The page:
Photographer's Note

Jal Mahal (meaning "Water Palace") is a palace located in the middle of the Man Sagar Lake in Jaipur city, the capital of the state of Rajasthan, India. The palace and the lake around it were renovated and enlarged in the 18th century by Maharaja Jai Singh II of Amber. The urban lake gets filled up during the rainy season; over the years, once the reservoir became full during rainy season, it got covered with Hyacinth. During this period the red stoned palace became approachable only by boat and through a causeway, and presented a spectacle on the way to Jaipur city from Delhi. The lake got polluted due to sewage flow from the Jaipur city. The palace remained uninhabited, was not maintained and hence not visited by tourists. To remove the ecological damage caused to the lake due to indiscriminate pollution from the city sewage, restoration measures were undertaken, since 2001, after a detailed study by the Government of Rajasthan. But serious efforts were initiated only in 2004 through a very large restoration project undertaken through a joint-venture company called the Project Development Company Limited, Jaipur, a private enterprise, in association with the Government of Rajasthan, with institutional support provided by the Infrastructure Leasing & Financial Services, a parastatal organization of the Government of India, and the Ministry of Environment and Forests. The basic objective of the project is conservation and management of the lake in regard to ecological development, sustainable fisheries development, and wildlife development. The purpose of the project is also to cater to the tourist industry, because Rajasthan attracts the largest number of tourists every year; 650,000 national and 175,000 international tourists are said to visit the state every year. Tourism in the state of Rajasthan is generally monument-centric, particularly in Jaipur and in this context Jal Mahal has an important role. n the past, at the location of the lake, there was a natural depression where water used to accumulate. During 1596 AD, when there was a severe famine in this region there was consequent acute shortage of water. The then ruler of Ajmer was, therefore, motivated to build a dam to store water to overcome the severe hardships caused by the famine to the people inhabiting the region. A dam was constructed, initially using earth and quartzite, across the eastern valley between Amer hills and Amagarh hills. The dam was later converted into a stone masonry structure in the 17th century. The dam, as existing now, is about 300 metres (980 ft) long and 28.5–34.5 metres (94–113 ft) in width. It is provided with three sluice gates for release of water for irrigation of agricultural land in the down stream area. Since then, the dam, the lake and the palace in its midst have undergone several rounds of restoration under various rulers of Rajasthan but the final restoration in the 18th century is credited to Jai Singh II of Amer. During this period, a number of other historical and religious places, such as the Amer Fort, Jaigarh Fort, Nahargarh Fort, Khilangarh Fort, Kanak Vrindavan Valley were also built in the vicinity of the lake. All these places are now linked under a tourist corridor of road net work.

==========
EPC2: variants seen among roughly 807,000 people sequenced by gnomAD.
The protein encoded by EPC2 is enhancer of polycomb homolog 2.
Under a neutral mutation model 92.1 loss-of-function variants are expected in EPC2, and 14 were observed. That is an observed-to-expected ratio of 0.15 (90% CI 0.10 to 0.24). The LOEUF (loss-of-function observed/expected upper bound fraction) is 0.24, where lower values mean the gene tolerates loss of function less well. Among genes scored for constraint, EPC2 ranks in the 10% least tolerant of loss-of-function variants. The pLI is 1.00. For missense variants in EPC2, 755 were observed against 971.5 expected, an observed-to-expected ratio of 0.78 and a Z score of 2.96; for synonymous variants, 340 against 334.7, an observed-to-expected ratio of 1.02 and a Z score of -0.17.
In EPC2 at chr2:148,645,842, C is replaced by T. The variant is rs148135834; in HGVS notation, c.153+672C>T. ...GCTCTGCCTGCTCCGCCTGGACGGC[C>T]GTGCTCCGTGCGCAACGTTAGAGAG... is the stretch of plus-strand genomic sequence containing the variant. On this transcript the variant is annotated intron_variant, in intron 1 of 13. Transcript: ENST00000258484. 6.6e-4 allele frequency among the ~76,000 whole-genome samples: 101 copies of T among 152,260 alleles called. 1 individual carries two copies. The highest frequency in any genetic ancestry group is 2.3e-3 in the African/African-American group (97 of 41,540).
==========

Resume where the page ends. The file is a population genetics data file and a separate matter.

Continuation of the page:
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Additional Photos by Valter Palone (bayno) Gold Star Critiquer/Gold Star Workshop Editor/Gold Note Writer [C: 1350 W: 297 N: 2584] (18344)
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